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There are few writers about whom opinions diverge so widely as Anthony Powell, whose Dance to the Music of Time sequence is one of the most ambitious literary constructions in the English language. In Different Speeds, Same Furies, Perry Anderson measures Powell's achievement against Marcel Proust's celebrated In Search of Lost Time.
The literature on Dance is a drop in the ocean compared to that on Proust. Yet in construction of plot and depiction of character, Anderson ranks Powell above him. How much do particular advantages of this kind matter, and why is Powell an odd man out in English letters? At once so similar and dissimilar, the intricate retrospectives of the two novelists on bohemia and Society, upbringing and mortality, relationships and personality, invite interrelated judgements.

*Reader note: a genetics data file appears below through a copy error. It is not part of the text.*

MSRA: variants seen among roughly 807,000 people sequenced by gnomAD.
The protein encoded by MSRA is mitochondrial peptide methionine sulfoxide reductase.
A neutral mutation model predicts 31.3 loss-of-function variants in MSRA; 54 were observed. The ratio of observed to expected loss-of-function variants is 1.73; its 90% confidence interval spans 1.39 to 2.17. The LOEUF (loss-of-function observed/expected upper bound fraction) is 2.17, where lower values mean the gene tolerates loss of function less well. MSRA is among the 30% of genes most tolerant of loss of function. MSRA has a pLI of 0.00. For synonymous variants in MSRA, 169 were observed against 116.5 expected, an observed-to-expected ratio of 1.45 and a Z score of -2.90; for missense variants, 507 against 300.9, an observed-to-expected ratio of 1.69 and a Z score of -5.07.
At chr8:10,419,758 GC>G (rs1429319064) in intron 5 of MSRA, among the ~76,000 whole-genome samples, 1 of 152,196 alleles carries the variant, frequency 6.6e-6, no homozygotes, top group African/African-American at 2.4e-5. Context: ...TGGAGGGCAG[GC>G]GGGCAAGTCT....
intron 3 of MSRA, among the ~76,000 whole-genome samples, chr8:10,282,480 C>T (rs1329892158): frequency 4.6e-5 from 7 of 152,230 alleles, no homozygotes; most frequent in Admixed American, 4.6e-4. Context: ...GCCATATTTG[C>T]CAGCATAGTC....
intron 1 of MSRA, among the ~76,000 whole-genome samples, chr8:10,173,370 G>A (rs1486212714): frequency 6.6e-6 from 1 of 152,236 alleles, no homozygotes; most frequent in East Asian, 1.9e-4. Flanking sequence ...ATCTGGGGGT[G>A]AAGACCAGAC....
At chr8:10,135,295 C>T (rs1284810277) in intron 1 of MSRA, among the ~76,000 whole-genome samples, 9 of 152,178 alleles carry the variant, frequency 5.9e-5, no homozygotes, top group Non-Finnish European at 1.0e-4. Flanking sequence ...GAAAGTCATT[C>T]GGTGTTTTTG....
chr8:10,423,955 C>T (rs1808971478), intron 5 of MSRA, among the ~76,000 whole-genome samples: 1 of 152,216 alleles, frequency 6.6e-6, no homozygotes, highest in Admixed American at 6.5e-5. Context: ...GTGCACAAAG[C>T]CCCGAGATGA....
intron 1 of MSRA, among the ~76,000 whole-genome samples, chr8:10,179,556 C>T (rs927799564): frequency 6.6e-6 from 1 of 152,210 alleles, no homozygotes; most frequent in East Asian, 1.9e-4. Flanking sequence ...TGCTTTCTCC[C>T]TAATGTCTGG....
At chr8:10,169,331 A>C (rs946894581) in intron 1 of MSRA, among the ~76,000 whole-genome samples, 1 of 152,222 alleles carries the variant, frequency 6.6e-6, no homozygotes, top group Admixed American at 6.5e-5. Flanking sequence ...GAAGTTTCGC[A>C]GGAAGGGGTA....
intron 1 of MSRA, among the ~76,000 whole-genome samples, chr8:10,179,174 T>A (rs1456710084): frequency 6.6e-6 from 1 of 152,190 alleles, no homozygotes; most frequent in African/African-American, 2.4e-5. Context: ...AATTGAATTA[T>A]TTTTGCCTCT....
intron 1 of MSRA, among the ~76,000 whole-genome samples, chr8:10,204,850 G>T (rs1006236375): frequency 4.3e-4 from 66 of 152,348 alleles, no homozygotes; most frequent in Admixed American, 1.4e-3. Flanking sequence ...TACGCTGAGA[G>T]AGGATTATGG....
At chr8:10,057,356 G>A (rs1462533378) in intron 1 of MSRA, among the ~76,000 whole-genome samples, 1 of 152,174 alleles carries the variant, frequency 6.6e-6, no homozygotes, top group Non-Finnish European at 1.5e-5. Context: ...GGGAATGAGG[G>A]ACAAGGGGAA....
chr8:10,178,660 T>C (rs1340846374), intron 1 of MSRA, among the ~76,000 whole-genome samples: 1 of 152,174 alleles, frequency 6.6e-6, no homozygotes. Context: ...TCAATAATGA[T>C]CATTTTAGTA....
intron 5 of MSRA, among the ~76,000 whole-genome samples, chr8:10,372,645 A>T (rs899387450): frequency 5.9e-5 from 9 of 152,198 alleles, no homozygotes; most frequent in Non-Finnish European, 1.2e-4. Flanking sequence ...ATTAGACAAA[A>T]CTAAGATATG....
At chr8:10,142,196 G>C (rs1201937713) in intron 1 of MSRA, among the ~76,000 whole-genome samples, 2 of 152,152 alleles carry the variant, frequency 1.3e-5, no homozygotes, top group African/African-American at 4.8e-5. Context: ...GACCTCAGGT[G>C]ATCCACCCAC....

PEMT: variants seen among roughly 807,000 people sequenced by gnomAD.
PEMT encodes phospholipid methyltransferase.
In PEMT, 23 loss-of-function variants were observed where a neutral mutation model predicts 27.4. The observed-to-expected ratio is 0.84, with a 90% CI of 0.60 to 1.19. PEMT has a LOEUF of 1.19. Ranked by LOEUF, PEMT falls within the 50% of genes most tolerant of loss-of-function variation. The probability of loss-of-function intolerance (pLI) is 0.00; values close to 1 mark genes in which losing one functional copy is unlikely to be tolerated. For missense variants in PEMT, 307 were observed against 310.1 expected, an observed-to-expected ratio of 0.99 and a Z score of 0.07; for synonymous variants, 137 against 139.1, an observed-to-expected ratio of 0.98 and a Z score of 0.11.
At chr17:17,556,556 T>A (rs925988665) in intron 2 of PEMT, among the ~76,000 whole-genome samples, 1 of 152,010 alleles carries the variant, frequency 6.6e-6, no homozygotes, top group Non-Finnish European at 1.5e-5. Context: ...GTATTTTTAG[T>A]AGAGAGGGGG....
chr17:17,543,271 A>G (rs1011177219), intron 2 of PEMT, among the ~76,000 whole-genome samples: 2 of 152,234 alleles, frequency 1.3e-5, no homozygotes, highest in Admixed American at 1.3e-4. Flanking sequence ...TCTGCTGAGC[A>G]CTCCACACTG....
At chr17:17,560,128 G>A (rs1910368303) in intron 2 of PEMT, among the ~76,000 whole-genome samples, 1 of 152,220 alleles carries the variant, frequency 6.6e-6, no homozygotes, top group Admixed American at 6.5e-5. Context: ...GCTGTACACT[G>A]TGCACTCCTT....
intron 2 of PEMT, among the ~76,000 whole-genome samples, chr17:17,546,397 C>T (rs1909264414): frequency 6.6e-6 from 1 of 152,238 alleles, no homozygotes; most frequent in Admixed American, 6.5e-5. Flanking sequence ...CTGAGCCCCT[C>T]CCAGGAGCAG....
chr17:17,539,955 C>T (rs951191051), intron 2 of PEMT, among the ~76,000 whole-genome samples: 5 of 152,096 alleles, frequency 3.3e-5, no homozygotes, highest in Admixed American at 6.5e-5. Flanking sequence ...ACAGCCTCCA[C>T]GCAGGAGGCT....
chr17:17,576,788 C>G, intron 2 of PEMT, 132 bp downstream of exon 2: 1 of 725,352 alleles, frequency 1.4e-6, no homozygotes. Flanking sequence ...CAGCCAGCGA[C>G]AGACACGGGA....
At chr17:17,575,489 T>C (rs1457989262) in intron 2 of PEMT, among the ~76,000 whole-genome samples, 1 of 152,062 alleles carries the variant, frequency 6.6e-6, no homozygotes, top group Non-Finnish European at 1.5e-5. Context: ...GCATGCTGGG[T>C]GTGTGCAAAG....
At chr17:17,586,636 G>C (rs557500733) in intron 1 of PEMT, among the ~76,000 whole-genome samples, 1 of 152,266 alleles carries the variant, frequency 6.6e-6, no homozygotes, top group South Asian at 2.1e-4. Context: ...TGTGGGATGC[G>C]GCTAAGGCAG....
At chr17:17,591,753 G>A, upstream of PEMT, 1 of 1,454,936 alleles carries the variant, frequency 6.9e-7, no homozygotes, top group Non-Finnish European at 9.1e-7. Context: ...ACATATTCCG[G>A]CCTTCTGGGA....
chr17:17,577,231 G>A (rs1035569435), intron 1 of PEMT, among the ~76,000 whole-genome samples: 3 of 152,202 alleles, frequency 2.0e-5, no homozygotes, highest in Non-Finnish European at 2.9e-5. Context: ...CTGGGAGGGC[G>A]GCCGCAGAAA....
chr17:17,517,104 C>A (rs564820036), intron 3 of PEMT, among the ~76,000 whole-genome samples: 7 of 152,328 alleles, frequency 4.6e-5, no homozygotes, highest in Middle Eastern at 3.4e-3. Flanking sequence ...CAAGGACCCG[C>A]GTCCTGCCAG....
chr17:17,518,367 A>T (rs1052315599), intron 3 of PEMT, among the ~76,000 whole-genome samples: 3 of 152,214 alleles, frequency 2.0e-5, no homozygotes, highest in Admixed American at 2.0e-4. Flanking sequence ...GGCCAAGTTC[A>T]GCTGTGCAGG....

The closing chapters of Different Speeds, Same Furies reach beyond their handlings of time to chart the historical novel from Waverley to Underworld, and the breakthrough in epistolatory fiction of Montesquieu's Persian Letters, held together by what its author described as 'a secret chain which remains, as it were, invisible'.